Hiraishin would have been quicker, but at the moment the prospect of opening the universe even once more seemed insurmountable. He still had the chakra, boosted by soldier pills in lieu of sleep, but his pathways ached and every muscle dragged at the bone. He couldn’t remember feeling this tired since the Fox. Maybe Danzou was right, and he should be spending more time running missions. Even sparring with Kakashi or Sagara and his guards wasn’t quite enough training for five days in the field and only snatches of sleep in between. He was getting soft.
Konoha murmured around him in dawnlight. A couple of genin on their way to morning practice came up, overawed and egging each other on. “Just bow!” he heard one of them hiss. “You don’t even haveta say anything, scaredy-cat…”
He ducked his head at them. “I like your coat, Hokage-sama!” the braver one yelled after he’d passed.
His coat was torn, scorched, spotted with blood—a little of his own, a great deal of Bobcat’s. Munenori Rokurou, a second-year lieutenant. Not a brilliant strategist or a genius with jutsu, but solidly competent, the sort of quick, efficient shinobi who formed ANBU’s backbone. He’d be hard to replace.
Munenori Rokurou. Akimichi Yuudai, second-year veteran. Miyake Kei, Intel.
They were running out of room on the Heroes’ Stone.
The doors to the Hokage’s Palace were closed, unusual in peace-time; but he’d left the village on S-level security, he recalled, and evidently Sagara hadn’t de-escalated it yet. He’d have to talk to her. And Oita. Shibata had arrived in Hikouto with reinforcements and a contingent of Uchiha Military Police on the second day after the coup and had quietly and efficiently taken over interrogation of the survivors they’d found. He’d been sending reports back to Konoha, Minato assumed. Minato himself had heard only a few of those reports before the intelligence they conveyed had sent him and ANBU Team Three out to hunt traitors.
And be hunted in turn, eventually.
But the governor of Taishin province, Lord Nobunori, had learned to his bloody cost just how dangerous Konoha could be. Minato had left a few of his vassals alive, though they probably wouldn’t be when Shibata finished with them. They’d spill whatever they knew first. Nobunori would have been the prize to interrogate, but… Minato hadn’t restrained himself very well, with Bobcat’s blood on his coat. The Rasengan didn’t leave much of a man’s chest.
Perhaps he shouldn’t have been so hard on Kakashi for killing that rogue in the ANBU Trials.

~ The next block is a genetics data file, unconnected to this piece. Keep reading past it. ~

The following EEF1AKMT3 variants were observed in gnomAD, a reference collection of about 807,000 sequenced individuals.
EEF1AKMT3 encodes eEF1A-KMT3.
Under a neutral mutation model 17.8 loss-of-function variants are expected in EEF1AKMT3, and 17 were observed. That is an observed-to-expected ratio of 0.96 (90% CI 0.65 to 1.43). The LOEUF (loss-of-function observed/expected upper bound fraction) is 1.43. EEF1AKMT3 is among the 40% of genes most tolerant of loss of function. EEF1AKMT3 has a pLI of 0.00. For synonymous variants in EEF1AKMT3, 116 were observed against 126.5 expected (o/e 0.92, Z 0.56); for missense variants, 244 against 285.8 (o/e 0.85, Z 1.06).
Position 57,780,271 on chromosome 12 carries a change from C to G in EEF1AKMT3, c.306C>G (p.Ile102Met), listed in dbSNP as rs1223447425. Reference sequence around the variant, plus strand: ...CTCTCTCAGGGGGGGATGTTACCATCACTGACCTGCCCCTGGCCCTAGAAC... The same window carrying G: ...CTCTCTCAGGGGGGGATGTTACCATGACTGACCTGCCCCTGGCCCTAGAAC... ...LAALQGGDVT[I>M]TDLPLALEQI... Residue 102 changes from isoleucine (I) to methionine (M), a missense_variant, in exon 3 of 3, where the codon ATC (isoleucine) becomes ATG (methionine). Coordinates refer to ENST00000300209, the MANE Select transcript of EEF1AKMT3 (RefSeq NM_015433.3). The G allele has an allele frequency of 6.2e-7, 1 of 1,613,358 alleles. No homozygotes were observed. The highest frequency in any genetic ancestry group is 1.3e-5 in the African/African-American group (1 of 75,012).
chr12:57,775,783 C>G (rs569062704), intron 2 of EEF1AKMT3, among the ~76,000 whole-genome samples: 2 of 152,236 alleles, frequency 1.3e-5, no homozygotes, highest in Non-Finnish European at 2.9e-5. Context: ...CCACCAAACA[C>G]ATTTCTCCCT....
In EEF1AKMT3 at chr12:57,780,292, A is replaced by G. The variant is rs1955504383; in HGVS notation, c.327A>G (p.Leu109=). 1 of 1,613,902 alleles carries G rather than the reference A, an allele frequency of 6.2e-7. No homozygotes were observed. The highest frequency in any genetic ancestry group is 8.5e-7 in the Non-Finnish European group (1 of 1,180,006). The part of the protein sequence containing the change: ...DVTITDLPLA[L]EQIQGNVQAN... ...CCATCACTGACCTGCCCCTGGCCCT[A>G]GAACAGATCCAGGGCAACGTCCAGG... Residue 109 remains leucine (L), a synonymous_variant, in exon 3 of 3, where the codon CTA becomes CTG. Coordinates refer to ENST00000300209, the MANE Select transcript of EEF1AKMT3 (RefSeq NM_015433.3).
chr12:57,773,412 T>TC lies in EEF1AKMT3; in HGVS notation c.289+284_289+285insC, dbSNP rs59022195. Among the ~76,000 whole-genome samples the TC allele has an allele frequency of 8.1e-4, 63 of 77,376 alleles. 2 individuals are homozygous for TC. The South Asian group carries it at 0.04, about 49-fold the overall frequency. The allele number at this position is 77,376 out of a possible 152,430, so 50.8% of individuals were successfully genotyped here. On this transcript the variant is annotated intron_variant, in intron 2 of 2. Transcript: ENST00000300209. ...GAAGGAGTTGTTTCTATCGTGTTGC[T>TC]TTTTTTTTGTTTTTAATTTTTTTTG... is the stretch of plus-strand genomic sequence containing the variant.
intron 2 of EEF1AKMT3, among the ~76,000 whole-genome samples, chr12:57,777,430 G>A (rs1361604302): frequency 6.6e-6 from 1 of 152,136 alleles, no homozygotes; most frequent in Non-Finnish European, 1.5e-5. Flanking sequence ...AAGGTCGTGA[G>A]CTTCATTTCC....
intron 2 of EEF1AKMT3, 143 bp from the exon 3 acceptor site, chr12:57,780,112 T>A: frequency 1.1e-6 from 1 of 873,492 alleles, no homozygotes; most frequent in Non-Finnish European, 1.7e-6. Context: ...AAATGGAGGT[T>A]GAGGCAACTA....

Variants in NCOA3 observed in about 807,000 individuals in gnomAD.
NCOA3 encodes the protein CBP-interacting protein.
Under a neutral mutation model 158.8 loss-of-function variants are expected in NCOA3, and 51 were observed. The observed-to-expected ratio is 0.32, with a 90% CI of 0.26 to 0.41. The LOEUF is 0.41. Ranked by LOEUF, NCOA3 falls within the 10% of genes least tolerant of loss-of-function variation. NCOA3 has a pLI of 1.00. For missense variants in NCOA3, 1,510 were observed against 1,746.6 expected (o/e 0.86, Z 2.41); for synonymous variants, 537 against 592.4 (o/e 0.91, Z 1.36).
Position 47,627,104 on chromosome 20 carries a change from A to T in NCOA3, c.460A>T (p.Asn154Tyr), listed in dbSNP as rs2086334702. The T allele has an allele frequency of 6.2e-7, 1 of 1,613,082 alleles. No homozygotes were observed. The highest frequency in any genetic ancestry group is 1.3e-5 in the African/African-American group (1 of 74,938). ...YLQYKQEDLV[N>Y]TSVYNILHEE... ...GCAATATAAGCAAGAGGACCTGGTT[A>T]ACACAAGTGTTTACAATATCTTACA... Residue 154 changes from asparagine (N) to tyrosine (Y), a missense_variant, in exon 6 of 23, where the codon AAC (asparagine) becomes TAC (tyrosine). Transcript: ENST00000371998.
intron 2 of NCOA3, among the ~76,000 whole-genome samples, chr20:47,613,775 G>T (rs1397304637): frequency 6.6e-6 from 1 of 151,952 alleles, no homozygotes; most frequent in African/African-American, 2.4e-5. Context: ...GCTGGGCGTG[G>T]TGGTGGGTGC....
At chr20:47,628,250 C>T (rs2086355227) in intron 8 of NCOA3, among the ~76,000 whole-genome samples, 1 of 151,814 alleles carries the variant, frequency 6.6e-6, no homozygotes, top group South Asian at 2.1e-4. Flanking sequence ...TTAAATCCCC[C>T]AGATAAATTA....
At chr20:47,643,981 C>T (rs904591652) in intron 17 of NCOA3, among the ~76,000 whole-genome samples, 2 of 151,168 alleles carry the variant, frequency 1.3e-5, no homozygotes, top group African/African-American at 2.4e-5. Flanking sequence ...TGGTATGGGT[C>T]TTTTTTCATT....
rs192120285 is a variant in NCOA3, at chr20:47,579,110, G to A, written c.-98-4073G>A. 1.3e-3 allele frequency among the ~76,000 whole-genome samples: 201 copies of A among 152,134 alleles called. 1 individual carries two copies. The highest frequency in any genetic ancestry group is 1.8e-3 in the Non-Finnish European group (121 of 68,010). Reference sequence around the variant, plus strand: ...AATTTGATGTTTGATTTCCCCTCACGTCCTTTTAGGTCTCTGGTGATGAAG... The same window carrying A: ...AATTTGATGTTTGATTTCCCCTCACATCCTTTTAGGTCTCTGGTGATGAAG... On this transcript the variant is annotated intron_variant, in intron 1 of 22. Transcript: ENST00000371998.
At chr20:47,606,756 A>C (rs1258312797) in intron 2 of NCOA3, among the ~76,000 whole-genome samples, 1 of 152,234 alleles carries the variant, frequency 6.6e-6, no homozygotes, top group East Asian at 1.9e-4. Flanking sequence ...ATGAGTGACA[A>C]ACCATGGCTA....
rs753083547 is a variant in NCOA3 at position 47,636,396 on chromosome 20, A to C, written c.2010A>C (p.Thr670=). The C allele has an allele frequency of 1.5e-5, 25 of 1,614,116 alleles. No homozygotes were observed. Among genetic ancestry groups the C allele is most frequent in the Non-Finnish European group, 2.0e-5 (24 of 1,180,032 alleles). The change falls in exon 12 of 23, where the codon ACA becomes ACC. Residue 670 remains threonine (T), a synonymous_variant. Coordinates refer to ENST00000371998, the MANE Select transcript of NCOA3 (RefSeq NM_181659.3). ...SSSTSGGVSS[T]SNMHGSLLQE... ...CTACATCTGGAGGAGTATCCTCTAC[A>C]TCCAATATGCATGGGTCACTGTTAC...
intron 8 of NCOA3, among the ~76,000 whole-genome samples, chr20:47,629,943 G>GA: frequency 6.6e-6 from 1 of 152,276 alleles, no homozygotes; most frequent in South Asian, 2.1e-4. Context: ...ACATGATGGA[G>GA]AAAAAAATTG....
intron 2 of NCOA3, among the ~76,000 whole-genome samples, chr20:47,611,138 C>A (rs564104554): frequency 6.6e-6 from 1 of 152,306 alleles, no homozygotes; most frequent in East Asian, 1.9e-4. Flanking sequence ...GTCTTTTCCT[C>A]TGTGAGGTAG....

He acknowledged the ANBU guards’ salutes at the head of the stairs on the third floor. “Where’s Sagara?”
“In your office, Hokage-sama,” Lynx reported. He left his post on the stairs to accompany Minato down the long hall. “There’ve been no significant disturbances in your absence. The Council tried to raise a fuss, I understand, but Sagara-sama dismissed them.”
“Hah, did she?” Minato wished he’d seen that. “I hope we have tapes of that meeting.”
“I’ll arrange for them to be delivered to your office,” Lynx promised. He nodded to Boar, on guard at the big office doors. Boar saluted, rapped cursorily on one door, and opened it before the echoes had faded.
Sagara was already out of her seat and halfway around the massive desk. “Hokage-sama,” she said, relief rough in her voice. “We didn’t expect you back yet.”
“We had injured. I had to hurry.” Minato shrugged out of his ruined coat at last; Lynx caught it before it hit the floor. “What’s the situation here?”
“Quiet,” Sagara said, her mouth twisting. “Not a whisper out of Iwa or Kumo, though I’ve no doubt our agents just haven’t picked up on it yet.”
“We’ll hear when they shout,” Minato said. “The snake?”
She shook her head. “None of Shibata’s information has linked anything to him yet. This doesn’t seem like his style, anyway — trying to ambush ANBU candidates for jutsu, sure, but suborning the Guardian Twelve to overthrow the Daimyou?”
“To overthrow me, first,” Minato said wryly. “Orochimaru thought he might be Fourth, once. But I tend to agree with Shibata. Nothing in Hikouto or Taishin to make me suspect any different, at any rate.” He crossed to the desk, cast a tired eye over the stacks of paperwork, and utterly failed to muffle a yawn. “I expect Shibata to relay new information about the rebellion’s other backers any day now. Have we recalled the rest of the ANBU teams?”
“Team Six came back the day before yesterday. That was the last of them.” Sagara indicated a truly massive stack of paperwork. “I’m not sure I’d have believed their report if they hadn’t brought back evidence of it. Namiashi reports—”
“Later,” Minato said, blinking hard against the sand in his eyes. He leaned a fist on the edge of the desk. “I’ll read a briefing tomorrow. Two pages, no longer. Is there anything I need to know now?”
Sagara hesitated, then shook her head. “Nothing that won’t wait until you’ve rested.”